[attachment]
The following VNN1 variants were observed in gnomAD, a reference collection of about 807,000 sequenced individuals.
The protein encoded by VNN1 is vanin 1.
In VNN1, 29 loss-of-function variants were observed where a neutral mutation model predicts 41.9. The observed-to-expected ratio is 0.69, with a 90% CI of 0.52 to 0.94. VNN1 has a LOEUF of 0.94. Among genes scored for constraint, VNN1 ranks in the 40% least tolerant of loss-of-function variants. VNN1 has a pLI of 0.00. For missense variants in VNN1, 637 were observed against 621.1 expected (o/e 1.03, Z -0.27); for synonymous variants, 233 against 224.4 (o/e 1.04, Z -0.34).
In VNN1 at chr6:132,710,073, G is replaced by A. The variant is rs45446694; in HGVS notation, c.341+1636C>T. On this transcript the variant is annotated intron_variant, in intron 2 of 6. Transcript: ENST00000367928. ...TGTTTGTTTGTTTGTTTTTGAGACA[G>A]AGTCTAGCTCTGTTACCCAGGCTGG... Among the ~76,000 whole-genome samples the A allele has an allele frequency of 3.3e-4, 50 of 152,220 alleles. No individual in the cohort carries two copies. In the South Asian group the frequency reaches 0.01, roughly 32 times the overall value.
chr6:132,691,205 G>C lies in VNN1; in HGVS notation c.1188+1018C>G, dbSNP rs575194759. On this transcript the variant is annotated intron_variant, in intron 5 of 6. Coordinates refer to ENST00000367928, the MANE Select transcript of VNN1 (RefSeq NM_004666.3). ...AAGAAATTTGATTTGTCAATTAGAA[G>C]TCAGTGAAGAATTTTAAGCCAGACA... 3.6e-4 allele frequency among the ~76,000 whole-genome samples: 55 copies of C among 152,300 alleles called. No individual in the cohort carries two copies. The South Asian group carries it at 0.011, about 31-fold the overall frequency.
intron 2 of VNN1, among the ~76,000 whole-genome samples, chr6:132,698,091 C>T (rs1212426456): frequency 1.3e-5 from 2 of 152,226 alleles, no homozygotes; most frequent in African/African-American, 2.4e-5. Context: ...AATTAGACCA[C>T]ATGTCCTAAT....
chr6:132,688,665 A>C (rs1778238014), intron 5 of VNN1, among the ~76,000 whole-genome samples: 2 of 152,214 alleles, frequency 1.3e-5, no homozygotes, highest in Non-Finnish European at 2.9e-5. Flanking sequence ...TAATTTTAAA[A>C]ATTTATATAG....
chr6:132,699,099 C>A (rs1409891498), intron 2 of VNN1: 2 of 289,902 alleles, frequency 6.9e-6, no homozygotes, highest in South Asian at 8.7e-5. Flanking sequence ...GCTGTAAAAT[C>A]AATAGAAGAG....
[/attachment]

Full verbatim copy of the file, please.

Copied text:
The following VNN1 variants were observed in gnomAD, a reference collection of about 807,000 sequenced individuals.
The protein encoded by VNN1 is vanin 1.
In VNN1, 29 loss-of-function variants were observed where a neutral mutation model predicts 41.9. The observed-to-expected ratio is 0.69, with a 90% CI of 0.52 to 0.94. VNN1 has a LOEUF of 0.94. Among genes scored for constraint, VNN1 ranks in the 40% least tolerant of loss-of-function variants. VNN1 has a pLI of 0.00. For missense variants in VNN1, 637 were observed against 621.1 expected (o/e 1.03, Z -0.27); for synonymous variants, 233 against 224.4 (o/e 1.04, Z -0.34).
In VNN1 at chr6:132,710,073, G is replaced by A. The variant is rs45446694; in HGVS notation, c.341+1636C>T. On this transcript the variant is annotated intron_variant, in intron 2 of 6. Transcript: ENST00000367928. ...TGTTTGTTTGTTTGTTTTTGAGACA[G>A]AGTCTAGCTCTGTTACCCAGGCTGG... Among the ~76,000 whole-genome samples the A allele has an allele frequency of 3.3e-4, 50 of 152,220 alleles. No individual in the cohort carries two copies. In the South Asian group the frequency reaches 0.01, roughly 32 times the overall value.
chr6:132,691,205 G>C lies in VNN1; in HGVS notation c.1188+1018C>G, dbSNP rs575194759. On this transcript the variant is annotated intron_variant, in intron 5 of 6. Coordinates refer to ENST00000367928, the MANE Select transcript of VNN1 (RefSeq NM_004666.3). ...AAGAAATTTGATTTGTCAATTAGAA[G>C]TCAGTGAAGAATTTTAAGCCAGACA... 3.6e-4 allele frequency among the ~76,000 whole-genome samples: 55 copies of C among 152,300 alleles called. No individual in the cohort carries two copies. The South Asian group carries it at 0.011, about 31-fold the overall frequency.
intron 2 of VNN1, among the ~76,000 whole-genome samples, chr6:132,698,091 C>T (rs1212426456): frequency 1.3e-5 from 2 of 152,226 alleles, no homozygotes; most frequent in African/African-American, 2.4e-5. Context: ...AATTAGACCA[C>T]ATGTCCTAAT....
chr6:132,688,665 A>C (rs1778238014), intron 5 of VNN1, among the ~76,000 whole-genome samples: 2 of 152,214 alleles, frequency 1.3e-5, no homozygotes, highest in Non-Finnish European at 2.9e-5. Flanking sequence ...TAATTTTAAA[A>C]ATTTATATAG....
chr6:132,699,099 C>A (rs1409891498), intron 2 of VNN1: 2 of 289,902 alleles, frequency 6.9e-6, no homozygotes, highest in South Asian at 8.7e-5. Flanking sequence ...GCTGTAAAAT[C>A]AATAGAAGAG....